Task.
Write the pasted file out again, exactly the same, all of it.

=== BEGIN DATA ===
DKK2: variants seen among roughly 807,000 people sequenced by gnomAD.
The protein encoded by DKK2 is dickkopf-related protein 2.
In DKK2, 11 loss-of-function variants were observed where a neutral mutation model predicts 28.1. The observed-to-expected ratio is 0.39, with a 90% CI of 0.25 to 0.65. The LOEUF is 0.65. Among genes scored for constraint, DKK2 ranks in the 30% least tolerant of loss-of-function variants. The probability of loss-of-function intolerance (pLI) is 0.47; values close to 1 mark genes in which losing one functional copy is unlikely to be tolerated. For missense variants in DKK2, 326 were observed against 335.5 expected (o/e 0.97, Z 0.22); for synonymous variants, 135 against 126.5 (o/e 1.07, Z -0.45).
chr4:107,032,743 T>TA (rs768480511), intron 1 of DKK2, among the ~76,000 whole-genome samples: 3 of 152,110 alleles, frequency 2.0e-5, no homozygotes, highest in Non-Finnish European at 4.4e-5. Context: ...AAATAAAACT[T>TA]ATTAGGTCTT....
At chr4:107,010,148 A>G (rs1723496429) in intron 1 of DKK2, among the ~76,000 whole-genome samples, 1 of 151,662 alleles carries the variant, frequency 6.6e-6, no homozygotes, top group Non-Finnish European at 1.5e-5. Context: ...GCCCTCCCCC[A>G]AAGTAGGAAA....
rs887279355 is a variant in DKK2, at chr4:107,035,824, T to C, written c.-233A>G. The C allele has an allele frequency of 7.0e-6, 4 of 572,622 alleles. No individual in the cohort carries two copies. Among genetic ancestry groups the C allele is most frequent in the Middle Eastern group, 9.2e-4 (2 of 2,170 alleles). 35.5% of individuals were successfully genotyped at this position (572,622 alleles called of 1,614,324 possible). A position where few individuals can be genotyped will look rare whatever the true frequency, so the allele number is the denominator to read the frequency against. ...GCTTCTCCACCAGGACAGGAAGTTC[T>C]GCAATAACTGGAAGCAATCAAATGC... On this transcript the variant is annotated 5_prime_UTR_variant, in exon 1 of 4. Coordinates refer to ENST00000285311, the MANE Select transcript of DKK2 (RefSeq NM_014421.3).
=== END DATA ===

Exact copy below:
DKK2: variants seen among roughly 807,000 people sequenced by gnomAD.
The protein encoded by DKK2 is dickkopf-related protein 2.
In DKK2, 11 loss-of-function variants were observed where a neutral mutation model predicts 28.1. The observed-to-expected ratio is 0.39, with a 90% CI of 0.25 to 0.65. The LOEUF is 0.65. Among genes scored for constraint, DKK2 ranks in the 30% least tolerant of loss-of-function variants. The probability of loss-of-function intolerance (pLI) is 0.47; values close to 1 mark genes in which losing one functional copy is unlikely to be tolerated. For missense variants in DKK2, 326 were observed against 335.5 expected (o/e 0.97, Z 0.22); for synonymous variants, 135 against 126.5 (o/e 1.07, Z -0.45).
chr4:107,032,743 T>TA (rs768480511), intron 1 of DKK2, among the ~76,000 whole-genome samples: 3 of 152,110 alleles, frequency 2.0e-5, no homozygotes, highest in Non-Finnish European at 4.4e-5. Context: ...AAATAAAACT[T>TA]ATTAGGTCTT....
At chr4:107,010,148 A>G (rs1723496429) in intron 1 of DKK2, among the ~76,000 whole-genome samples, 1 of 151,662 alleles carries the variant, frequency 6.6e-6, no homozygotes, top group Non-Finnish European at 1.5e-5. Context: ...GCCCTCCCCC[A>G]AAGTAGGAAA....
rs887279355 is a variant in DKK2, at chr4:107,035,824, T to C, written c.-233A>G. The C allele has an allele frequency of 7.0e-6, 4 of 572,622 alleles. No individual in the cohort carries two copies. Among genetic ancestry groups the C allele is most frequent in the Middle Eastern group, 9.2e-4 (2 of 2,170 alleles). 35.5% of individuals were successfully genotyped at this position (572,622 alleles called of 1,614,324 possible). A position where few individuals can be genotyped will look rare whatever the true frequency, so the allele number is the denominator to read the frequency against. ...GCTTCTCCACCAGGACAGGAAGTTC[T>C]GCAATAACTGGAAGCAATCAAATGC... On this transcript the variant is annotated 5_prime_UTR_variant, in exon 1 of 4. Coordinates refer to ENST00000285311, the MANE Select transcript of DKK2 (RefSeq NM_014421.3).